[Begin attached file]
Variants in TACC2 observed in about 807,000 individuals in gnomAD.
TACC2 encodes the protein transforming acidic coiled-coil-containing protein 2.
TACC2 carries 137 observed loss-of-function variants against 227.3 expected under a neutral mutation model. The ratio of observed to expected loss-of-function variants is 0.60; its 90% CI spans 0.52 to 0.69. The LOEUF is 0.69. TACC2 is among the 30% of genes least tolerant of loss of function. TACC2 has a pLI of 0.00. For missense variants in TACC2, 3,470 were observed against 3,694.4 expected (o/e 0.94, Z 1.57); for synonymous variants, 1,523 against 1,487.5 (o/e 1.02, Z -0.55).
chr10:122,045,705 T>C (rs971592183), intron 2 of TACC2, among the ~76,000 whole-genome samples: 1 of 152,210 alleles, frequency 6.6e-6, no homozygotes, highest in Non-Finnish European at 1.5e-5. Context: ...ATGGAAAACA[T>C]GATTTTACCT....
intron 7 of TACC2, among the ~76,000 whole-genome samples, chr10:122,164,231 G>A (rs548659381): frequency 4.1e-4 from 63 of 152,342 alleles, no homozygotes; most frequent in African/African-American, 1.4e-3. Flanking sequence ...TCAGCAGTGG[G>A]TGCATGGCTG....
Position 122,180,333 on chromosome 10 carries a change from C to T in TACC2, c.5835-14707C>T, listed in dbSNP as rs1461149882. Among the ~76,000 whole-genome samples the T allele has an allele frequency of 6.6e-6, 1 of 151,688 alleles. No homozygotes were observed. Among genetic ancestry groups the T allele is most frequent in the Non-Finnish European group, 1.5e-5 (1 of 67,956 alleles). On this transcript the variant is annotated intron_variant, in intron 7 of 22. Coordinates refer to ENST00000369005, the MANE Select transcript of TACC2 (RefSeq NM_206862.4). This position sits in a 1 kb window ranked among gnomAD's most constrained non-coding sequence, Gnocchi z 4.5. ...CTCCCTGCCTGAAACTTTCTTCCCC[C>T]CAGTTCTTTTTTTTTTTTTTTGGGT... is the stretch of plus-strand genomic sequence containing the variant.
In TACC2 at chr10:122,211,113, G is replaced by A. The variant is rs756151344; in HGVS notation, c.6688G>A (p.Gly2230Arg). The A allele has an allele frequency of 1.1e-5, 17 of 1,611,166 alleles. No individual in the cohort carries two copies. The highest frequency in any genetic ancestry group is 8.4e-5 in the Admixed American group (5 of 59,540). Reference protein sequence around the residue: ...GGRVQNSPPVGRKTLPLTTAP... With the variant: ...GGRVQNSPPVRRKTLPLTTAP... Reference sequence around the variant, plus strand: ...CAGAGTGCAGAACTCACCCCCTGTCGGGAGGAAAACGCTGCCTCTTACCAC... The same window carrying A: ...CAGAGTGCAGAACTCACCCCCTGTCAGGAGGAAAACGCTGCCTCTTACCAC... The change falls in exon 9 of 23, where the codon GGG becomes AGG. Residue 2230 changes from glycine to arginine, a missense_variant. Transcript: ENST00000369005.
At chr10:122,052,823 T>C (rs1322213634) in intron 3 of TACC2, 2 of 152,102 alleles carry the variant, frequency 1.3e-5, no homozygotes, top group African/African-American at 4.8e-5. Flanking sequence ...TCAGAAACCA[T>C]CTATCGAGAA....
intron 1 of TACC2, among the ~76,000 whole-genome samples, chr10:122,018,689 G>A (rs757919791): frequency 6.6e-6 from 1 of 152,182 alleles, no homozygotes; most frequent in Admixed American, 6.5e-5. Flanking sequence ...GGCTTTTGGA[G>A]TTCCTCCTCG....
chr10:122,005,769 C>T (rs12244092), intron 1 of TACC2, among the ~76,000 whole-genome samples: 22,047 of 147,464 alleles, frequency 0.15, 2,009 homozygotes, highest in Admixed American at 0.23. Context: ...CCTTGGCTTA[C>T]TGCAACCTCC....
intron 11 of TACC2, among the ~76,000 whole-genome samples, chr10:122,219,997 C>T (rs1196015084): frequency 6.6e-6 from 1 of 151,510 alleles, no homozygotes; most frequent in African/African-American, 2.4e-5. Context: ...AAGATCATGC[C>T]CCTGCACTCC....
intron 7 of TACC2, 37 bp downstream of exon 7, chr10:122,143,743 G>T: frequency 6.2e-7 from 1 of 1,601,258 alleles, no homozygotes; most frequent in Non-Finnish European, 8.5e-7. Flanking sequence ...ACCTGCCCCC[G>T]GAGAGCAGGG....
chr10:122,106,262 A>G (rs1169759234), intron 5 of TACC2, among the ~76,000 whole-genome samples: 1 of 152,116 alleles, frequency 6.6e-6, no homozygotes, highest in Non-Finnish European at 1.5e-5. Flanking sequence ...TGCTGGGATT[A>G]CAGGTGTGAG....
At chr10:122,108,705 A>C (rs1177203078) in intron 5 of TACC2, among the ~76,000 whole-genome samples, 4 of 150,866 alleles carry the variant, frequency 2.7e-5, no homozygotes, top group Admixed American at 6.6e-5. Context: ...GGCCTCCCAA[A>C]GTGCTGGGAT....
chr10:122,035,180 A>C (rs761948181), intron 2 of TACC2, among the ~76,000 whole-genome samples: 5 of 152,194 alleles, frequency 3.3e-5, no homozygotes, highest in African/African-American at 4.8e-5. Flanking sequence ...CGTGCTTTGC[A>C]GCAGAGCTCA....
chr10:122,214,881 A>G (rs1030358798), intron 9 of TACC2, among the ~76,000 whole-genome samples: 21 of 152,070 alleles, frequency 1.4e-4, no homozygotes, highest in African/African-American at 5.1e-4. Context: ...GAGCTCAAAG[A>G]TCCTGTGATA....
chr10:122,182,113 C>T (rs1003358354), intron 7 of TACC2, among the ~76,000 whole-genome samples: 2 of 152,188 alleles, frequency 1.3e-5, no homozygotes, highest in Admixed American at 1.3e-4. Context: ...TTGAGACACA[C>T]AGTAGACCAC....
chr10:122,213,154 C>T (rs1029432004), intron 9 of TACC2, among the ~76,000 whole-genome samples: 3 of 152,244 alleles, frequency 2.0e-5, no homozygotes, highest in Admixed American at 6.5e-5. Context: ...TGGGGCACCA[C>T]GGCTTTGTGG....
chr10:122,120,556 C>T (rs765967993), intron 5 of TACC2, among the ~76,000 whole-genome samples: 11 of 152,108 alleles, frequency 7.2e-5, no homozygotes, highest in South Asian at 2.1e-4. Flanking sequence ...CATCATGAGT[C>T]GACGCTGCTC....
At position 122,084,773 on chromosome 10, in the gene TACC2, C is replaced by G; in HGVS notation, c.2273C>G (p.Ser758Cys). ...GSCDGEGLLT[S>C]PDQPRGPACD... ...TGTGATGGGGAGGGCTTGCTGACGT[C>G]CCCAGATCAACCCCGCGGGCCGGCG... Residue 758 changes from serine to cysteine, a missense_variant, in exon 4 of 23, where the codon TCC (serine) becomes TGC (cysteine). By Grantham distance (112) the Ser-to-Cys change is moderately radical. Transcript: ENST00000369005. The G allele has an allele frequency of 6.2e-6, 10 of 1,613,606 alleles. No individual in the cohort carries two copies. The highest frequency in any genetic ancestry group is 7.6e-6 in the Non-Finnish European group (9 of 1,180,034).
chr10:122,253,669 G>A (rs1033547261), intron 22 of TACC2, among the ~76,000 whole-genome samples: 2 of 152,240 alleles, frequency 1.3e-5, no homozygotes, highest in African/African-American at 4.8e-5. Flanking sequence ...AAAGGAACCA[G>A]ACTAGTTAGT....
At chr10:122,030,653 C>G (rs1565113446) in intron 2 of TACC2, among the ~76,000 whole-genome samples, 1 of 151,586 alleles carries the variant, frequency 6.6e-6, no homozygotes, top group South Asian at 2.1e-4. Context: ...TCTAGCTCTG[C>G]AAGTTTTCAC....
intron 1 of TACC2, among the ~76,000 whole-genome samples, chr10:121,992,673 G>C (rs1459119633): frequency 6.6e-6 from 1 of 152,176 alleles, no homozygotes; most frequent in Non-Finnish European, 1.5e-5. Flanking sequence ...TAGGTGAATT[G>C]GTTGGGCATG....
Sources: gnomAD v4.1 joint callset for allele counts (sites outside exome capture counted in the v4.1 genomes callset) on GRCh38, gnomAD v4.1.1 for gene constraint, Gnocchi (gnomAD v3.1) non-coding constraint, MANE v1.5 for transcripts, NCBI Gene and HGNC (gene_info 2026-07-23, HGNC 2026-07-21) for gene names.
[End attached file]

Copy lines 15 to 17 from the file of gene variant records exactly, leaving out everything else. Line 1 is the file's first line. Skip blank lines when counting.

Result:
chr10:122,035,180 A>C (rs761948181), intron 2 of TACC2, among the ~76,000 whole-genome samples: 5 of 152,194 alleles, frequency 3.3e-5, no homozygotes, highest in African/African-American at 4.8e-5. Flanking sequence ...CGTGCTTTGC[A>C]GCAGAGCTCA....
chr10:122,214,881 A>G (rs1030358798), intron 9 of TACC2, among the ~76,000 whole-genome samples: 21 of 152,070 alleles, frequency 1.4e-4, no homozygotes, highest in African/African-American at 5.1e-4. Context: ...GAGCTCAAAG[A>G]TCCTGTGATA....
chr10:122,182,113 C>T (rs1003358354), intron 7 of TACC2, among the ~76,000 whole-genome samples: 2 of 152,188 alleles, frequency 1.3e-5, no homozygotes, highest in Admixed American at 1.3e-4. Context: ...TTGAGACACA[C>T]AGTAGACCAC....